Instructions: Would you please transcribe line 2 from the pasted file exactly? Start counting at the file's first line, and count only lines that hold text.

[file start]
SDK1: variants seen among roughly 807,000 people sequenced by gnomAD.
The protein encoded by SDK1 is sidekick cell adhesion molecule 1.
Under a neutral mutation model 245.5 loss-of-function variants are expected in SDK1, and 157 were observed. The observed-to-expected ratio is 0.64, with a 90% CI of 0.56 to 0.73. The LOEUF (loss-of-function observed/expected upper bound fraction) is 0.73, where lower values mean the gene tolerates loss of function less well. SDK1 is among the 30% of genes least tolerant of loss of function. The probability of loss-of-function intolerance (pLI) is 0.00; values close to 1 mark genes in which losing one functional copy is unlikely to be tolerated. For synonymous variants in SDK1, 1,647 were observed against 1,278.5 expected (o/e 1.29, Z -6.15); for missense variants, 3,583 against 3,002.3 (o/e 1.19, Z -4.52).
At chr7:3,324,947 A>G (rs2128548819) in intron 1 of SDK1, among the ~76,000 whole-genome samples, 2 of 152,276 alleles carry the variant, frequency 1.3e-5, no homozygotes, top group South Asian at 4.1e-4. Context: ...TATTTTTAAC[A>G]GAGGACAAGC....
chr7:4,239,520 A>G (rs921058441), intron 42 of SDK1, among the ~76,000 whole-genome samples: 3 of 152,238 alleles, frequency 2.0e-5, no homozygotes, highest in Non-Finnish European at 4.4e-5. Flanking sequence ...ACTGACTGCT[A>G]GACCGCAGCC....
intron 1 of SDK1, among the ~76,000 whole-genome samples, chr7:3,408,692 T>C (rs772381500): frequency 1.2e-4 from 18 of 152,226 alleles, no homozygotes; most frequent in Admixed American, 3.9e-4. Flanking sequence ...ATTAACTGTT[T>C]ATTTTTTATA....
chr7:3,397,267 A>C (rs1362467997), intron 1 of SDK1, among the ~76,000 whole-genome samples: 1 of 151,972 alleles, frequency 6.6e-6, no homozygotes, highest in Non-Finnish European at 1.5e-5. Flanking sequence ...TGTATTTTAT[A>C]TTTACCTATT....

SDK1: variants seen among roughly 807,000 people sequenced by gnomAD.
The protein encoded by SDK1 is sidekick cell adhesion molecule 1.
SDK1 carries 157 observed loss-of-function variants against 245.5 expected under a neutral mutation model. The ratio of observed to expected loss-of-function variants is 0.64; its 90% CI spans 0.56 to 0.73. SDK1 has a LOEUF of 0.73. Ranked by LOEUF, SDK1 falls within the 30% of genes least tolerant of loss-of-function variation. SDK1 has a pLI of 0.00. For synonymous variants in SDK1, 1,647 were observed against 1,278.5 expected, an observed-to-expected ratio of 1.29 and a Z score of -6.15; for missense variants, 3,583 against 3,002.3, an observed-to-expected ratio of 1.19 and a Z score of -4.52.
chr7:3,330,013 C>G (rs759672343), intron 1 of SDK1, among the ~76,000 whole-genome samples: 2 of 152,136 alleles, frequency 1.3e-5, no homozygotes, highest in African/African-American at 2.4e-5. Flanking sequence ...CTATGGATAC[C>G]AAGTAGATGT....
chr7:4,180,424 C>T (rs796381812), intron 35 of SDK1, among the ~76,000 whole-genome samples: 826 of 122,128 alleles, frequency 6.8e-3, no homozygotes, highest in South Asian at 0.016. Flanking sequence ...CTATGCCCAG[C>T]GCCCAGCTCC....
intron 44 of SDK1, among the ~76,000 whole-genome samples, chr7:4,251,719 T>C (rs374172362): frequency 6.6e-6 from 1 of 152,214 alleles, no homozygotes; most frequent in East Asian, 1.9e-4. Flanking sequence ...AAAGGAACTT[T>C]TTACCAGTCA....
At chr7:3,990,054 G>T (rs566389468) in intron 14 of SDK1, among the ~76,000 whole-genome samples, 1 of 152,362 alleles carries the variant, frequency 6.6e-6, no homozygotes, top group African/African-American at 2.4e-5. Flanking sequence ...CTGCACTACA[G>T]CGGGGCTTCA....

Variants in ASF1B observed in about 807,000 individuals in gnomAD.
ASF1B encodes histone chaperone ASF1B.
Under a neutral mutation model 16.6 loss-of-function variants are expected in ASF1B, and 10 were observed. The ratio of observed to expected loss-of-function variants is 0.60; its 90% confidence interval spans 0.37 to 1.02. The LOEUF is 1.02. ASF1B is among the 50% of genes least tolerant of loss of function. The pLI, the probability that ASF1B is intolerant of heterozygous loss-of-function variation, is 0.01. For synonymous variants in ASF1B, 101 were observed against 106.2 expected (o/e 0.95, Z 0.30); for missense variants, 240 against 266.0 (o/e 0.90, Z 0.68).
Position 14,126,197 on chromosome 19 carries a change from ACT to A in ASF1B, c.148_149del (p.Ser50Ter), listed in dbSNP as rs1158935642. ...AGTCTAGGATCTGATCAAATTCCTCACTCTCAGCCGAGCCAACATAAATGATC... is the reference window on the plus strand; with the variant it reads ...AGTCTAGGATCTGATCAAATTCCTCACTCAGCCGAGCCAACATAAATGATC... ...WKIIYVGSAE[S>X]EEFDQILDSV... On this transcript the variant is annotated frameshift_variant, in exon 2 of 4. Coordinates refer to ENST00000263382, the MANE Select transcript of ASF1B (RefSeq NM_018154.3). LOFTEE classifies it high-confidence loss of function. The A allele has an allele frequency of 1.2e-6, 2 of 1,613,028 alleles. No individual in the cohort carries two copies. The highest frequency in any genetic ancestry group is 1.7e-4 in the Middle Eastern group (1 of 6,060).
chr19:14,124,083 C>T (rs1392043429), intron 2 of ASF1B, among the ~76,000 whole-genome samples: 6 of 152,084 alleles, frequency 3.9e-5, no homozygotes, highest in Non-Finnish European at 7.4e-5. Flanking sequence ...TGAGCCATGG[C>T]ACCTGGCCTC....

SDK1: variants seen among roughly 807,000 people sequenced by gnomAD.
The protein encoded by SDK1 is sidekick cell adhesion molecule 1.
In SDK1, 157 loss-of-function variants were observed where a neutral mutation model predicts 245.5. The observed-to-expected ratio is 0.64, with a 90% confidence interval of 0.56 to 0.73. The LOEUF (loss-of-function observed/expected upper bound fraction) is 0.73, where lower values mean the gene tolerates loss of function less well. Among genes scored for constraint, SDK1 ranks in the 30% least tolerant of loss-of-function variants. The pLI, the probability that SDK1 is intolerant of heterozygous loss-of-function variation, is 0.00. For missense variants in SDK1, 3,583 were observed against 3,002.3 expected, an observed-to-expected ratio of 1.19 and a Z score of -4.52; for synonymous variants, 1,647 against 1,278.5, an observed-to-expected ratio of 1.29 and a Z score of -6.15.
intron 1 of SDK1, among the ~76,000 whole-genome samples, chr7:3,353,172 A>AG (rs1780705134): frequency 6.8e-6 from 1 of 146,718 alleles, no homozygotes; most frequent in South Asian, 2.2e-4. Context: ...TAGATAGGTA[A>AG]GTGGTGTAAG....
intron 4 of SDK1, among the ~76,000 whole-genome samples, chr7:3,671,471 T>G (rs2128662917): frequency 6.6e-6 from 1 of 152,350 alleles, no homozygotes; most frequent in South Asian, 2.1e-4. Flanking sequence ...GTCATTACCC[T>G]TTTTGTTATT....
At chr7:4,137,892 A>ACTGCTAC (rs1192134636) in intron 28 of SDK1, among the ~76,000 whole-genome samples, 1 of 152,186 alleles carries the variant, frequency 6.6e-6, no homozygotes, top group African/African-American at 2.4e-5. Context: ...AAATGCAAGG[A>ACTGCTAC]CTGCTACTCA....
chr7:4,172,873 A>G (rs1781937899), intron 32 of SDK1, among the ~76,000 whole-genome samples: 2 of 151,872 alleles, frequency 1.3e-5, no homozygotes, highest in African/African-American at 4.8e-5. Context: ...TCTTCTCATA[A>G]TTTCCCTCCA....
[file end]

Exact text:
The protein encoded by SDK1 is sidekick cell adhesion molecule 1.